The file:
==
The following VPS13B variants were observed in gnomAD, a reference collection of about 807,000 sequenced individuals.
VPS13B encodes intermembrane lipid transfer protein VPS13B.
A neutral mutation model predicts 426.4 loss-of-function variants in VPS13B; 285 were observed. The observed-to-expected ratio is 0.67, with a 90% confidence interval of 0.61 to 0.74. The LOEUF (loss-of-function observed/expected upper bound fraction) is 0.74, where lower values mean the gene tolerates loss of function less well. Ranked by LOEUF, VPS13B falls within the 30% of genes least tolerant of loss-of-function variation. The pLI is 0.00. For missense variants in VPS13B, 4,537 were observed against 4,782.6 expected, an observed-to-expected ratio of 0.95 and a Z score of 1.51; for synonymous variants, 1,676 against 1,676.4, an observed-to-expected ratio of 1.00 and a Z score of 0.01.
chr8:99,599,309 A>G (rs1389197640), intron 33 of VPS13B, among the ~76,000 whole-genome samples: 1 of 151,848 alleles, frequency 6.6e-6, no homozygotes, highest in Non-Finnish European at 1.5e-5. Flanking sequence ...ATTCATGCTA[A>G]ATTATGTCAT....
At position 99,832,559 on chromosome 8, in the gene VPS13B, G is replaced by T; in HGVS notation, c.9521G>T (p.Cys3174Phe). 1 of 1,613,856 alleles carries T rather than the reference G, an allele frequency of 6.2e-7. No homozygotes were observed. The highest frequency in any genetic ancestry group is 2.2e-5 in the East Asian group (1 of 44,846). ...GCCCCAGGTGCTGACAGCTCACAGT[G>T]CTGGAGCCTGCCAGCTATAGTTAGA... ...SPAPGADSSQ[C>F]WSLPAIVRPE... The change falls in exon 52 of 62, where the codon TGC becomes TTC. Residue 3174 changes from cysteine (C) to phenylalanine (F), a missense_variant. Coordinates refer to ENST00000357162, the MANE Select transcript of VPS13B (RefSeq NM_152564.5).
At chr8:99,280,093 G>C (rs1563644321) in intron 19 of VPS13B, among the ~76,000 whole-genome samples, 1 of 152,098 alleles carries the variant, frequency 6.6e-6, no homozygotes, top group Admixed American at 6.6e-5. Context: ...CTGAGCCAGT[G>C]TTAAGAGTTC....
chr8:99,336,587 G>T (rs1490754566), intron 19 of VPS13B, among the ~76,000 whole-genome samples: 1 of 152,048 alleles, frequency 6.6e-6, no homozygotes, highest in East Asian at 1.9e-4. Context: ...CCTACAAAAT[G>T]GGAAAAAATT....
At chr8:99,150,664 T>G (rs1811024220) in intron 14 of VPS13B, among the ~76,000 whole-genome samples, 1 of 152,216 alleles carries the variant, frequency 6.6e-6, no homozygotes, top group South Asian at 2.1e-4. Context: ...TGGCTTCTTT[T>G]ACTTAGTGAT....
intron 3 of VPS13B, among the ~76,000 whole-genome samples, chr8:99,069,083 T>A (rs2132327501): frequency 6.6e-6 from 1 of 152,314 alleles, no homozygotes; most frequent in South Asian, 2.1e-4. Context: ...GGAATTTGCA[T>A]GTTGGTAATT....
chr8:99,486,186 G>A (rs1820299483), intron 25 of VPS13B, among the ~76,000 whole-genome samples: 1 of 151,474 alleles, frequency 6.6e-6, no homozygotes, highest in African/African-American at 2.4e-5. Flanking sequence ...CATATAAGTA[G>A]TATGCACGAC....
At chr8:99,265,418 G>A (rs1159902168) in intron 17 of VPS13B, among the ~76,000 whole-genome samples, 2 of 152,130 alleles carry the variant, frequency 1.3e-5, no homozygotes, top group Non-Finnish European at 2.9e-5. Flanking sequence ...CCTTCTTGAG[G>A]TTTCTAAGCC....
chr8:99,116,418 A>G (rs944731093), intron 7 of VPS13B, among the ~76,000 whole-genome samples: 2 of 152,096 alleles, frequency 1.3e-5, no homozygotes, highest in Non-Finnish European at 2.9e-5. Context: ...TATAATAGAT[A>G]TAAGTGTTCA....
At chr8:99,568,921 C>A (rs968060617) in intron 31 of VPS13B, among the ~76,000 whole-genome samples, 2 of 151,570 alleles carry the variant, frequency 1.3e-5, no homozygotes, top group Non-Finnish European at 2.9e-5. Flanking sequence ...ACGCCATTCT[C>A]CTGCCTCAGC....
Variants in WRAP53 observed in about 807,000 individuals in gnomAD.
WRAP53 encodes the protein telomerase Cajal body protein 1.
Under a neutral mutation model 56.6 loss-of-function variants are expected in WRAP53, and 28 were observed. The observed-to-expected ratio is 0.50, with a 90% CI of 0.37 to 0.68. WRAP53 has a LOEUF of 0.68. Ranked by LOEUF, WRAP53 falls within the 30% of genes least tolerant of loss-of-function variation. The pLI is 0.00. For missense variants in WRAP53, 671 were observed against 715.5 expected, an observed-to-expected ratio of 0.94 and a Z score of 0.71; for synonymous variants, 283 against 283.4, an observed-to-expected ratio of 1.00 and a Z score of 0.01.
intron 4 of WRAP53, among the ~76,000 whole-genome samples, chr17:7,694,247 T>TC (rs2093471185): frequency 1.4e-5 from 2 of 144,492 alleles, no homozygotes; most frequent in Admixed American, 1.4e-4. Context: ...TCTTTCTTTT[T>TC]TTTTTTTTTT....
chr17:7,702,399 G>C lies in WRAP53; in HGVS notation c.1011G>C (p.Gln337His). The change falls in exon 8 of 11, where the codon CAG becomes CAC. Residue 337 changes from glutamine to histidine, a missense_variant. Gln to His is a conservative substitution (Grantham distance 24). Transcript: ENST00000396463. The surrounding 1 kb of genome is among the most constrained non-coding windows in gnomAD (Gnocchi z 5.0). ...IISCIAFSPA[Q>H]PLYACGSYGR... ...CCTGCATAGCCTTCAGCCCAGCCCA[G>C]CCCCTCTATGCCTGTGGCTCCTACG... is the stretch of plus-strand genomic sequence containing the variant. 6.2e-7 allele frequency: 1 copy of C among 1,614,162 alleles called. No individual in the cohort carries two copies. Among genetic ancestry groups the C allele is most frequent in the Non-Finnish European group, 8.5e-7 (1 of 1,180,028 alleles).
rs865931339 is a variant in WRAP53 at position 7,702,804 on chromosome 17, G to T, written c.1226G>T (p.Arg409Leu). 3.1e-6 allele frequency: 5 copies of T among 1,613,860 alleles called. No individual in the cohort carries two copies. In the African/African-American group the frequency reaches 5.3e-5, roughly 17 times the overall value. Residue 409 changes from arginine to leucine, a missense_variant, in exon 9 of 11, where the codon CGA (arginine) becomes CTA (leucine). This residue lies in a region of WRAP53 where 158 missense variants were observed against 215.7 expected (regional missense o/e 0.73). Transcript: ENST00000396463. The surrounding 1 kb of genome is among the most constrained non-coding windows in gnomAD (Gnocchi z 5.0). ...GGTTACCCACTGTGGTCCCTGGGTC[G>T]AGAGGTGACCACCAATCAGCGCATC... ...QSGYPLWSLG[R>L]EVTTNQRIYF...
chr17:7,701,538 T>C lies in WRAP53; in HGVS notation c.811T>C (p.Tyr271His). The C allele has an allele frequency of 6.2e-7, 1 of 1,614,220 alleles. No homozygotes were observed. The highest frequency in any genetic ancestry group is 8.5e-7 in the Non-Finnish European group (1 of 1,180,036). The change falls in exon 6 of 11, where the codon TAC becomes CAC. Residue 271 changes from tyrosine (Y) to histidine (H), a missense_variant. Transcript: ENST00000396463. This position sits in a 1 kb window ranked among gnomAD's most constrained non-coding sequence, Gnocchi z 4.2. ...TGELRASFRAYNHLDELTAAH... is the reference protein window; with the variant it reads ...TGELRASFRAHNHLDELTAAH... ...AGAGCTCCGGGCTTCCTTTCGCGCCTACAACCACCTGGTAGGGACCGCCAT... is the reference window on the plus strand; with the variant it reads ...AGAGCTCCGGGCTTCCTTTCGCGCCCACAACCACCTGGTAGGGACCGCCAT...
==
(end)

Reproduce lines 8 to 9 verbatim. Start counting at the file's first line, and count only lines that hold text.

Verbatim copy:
At chr8:99,150,664 T>G (rs1811024220) in intron 14 of VPS13B, among the ~76,000 whole-genome samples, 1 of 152,216 alleles carries the variant, frequency 6.6e-6, no homozygotes, top group South Asian at 2.1e-4. Context: ...TGGCTTCTTT[T>G]ACTTAGTGAT....
intron 3 of VPS13B, among the ~76,000 whole-genome samples, chr8:99,069,083 T>A (rs2132327501): frequency 6.6e-6 from 1 of 152,314 alleles, no homozygotes; most frequent in South Asian, 2.1e-4. Context: ...GGAATTTGCA[T>A]GTTGGTAATT....